I also like that they didn't try to add a knife. If someone's gonna carry their own eating utensil they probably already carry a knife they're happy with. Anyway, I couldn't find one online, nor instructions on how to make one, so I gave it a shot and made a quick version out of wood.
(*I say "fork-spoon" cause this isn't a "spork," which is a spoon with very small tines cut into it. I don't find that sporks work well as a fork or spoon.)
Step 1: The Tools I Used
Besides switching out individual tools, other ways to make this could include carving it using knives, or cutting the handles off a regular fork and spoon and welding the tops together.
Step 2: Trace and Cut
Try to position your outline so the wood grain isn't totally perpendicular to the direction of the fork tines. The more the tines are parallel with the "long grain" the more strength they will have and the less likely they will be to get chipped off ends later on. As you can see, the grain is going diagonally on the fork side. I decided to go with it since it wasn't totally perpendicular, and I was taking a mostly casual approach. Also there really isn't any long grain here since the long grain runs the height of the wood. I just made sure not to make the tines too long or thin in the later steps.
Next I measured down the height of the spoon and fork and decided what angle I wanted them to be at. I clamped the wood to the table, traced that line around the side of the wood, and cut it with a regular large hand saw (the one in the previous photo that has yellow plasti-dip all over the end.) The clamp in this step is probably the only tool I wouldn't know how to improvise.
Step 3: Cut and Shape
Next I took the sanding attachment for my flex shaft tool* and shaped the edges, depth of spoon, and angle of tines. As I did this I would check the thickness and shape by doing the mouth test. I found a good balance of comfortable size and shape, while also making sure it would be durable.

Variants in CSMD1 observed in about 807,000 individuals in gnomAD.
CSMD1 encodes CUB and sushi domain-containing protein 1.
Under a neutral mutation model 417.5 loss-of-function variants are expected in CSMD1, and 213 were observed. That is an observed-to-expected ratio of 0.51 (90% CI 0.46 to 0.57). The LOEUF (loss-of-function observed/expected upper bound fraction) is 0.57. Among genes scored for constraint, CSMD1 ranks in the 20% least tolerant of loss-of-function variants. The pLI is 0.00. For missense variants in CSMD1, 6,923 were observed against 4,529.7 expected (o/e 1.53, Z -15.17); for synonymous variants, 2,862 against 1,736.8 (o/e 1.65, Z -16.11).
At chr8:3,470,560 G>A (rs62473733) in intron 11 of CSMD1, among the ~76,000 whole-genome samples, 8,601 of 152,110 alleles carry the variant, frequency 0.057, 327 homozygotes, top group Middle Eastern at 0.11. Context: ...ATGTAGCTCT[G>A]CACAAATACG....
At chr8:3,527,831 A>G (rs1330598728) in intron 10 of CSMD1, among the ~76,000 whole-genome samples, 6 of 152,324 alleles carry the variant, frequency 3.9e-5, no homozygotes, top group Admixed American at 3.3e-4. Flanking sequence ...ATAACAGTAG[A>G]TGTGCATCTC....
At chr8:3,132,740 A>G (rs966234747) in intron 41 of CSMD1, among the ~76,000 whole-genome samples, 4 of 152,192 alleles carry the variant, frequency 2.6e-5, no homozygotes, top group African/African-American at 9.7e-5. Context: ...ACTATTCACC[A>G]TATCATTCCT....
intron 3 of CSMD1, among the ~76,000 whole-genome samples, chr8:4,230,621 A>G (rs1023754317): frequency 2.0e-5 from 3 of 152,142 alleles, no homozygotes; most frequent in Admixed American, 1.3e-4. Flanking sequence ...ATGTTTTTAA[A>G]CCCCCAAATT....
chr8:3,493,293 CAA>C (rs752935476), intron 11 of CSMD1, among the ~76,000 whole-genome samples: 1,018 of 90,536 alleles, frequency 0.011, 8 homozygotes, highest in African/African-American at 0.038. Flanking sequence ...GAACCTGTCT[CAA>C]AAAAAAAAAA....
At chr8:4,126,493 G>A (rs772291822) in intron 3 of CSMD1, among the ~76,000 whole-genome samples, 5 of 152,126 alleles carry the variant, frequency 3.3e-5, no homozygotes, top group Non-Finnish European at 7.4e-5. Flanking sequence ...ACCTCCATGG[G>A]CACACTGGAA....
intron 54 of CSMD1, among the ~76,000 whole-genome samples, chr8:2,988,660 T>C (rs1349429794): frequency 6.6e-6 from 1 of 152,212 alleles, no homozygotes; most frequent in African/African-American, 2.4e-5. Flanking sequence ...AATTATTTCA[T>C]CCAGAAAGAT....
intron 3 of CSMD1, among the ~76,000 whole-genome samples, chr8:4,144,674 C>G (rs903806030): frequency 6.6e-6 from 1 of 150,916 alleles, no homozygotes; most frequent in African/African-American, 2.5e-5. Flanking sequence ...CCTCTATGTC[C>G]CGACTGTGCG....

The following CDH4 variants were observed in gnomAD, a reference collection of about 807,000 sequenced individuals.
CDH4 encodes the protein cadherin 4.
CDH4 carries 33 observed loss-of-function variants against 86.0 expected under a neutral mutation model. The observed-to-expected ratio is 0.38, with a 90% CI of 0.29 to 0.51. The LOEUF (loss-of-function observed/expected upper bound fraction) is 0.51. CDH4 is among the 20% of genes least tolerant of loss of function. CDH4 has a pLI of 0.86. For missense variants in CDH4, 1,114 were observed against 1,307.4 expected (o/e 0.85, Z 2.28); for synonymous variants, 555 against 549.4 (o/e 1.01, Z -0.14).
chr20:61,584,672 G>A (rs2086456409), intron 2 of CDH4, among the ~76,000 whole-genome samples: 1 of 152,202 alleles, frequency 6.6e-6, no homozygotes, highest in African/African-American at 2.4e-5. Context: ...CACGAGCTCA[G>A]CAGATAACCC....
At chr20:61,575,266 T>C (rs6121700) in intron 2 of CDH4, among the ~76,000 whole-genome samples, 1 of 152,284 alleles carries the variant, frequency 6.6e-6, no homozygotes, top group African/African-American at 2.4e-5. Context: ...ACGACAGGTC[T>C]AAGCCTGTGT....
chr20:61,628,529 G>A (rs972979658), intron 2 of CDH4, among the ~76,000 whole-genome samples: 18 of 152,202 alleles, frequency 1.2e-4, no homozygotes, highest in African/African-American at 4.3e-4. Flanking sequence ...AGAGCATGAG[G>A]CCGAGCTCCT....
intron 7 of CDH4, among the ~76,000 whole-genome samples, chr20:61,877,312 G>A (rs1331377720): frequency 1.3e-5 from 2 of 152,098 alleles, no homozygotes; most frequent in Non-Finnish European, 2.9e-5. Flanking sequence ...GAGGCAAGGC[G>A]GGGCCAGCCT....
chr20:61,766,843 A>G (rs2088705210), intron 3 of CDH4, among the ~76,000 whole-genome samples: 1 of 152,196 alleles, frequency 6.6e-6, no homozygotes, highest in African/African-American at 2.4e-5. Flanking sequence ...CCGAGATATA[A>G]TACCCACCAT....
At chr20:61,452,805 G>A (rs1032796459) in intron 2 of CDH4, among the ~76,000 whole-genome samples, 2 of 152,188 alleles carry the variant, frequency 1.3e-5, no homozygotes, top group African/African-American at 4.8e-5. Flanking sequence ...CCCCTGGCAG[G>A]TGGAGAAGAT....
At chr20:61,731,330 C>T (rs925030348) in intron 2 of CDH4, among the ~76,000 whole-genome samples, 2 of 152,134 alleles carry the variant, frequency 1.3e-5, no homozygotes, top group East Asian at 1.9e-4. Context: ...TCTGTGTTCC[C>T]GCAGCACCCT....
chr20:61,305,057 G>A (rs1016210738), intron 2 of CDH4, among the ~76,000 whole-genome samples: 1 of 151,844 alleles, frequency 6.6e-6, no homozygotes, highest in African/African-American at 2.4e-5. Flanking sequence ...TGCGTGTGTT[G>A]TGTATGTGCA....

(*Flexible shaft tool is a handheld rotary tool with a hanging motor that is separate from the handpiece. A foot pedal controls the speed. I use it for everything and recommend it highly if you enjoy making things at home and are short on space. A Dremel or similar tool can be a great multi-multi use starting tool, too.)
If you don't have a flex shaft or Dremel tool, a power drill, carving knives, or even handheld files could be improvised for this step. If you are limited by your tools don't worry! Though we've come to expect spoons to hold mouthfulls of liquid they really don't have to. A flatter one like in the original design will be good for most foods, and the broth can be sipped.
Step 4: Tine Time
Step 5: Sand It and Carve a Heart
At this point I decided that this marvelous creation would be a Valentine's gift for someone very loved, so I carved a heart in the bottom.
Step 6: Add the Finish and Be Done
Just smear the oil on and let it sit. I read that it's good to sit it in the sun. It was night so I used a lamp and it came out nicely. It has a lovely smell and I was amazed to see how much the color was transformed from a cold peach color to a glowing orange!